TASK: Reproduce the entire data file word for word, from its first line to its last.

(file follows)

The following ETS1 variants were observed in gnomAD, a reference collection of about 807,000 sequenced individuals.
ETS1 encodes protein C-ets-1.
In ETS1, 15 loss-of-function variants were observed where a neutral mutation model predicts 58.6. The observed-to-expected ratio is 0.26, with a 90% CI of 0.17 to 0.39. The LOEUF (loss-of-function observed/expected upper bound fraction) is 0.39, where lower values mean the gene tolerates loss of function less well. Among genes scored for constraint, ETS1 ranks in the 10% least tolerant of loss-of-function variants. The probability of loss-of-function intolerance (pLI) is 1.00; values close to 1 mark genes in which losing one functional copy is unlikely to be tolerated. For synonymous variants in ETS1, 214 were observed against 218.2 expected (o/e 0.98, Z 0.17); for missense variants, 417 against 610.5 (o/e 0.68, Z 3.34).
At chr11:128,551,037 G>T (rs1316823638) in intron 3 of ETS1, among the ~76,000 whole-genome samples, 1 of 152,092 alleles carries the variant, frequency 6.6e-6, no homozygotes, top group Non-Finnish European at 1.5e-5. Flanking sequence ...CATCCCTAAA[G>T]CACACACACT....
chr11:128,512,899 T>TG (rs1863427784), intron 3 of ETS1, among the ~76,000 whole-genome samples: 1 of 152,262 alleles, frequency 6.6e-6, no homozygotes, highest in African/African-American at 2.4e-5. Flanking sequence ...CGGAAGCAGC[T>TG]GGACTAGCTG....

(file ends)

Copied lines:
The following ETS1 variants were observed in gnomAD, a reference collection of about 807,000 sequenced individuals.
ETS1 encodes protein C-ets-1.
In ETS1, 15 loss-of-function variants were observed where a neutral mutation model predicts 58.6. The observed-to-expected ratio is 0.26, with a 90% CI of 0.17 to 0.39. The LOEUF (loss-of-function observed/expected upper bound fraction) is 0.39, where lower values mean the gene tolerates loss of function less well. Among genes scored for constraint, ETS1 ranks in the 10% least tolerant of loss-of-function variants. The probability of loss-of-function intolerance (pLI) is 1.00; values close to 1 mark genes in which losing one functional copy is unlikely to be tolerated. For synonymous variants in ETS1, 214 were observed against 218.2 expected (o/e 0.98, Z 0.17); for missense variants, 417 against 610.5 (o/e 0.68, Z 3.34).
At chr11:128,551,037 G>T (rs1316823638) in intron 3 of ETS1, among the ~76,000 whole-genome samples, 1 of 152,092 alleles carries the variant, frequency 6.6e-6, no homozygotes, top group Non-Finnish European at 1.5e-5. Flanking sequence ...CATCCCTAAA[G>T]CACACACACT....
chr11:128,512,899 T>TG (rs1863427784), intron 3 of ETS1, among the ~76,000 whole-genome samples: 1 of 152,262 alleles, frequency 6.6e-6, no homozygotes, highest in African/African-American at 2.4e-5. Flanking sequence ...CGGAAGCAGC[T>TG]GGACTAGCTG....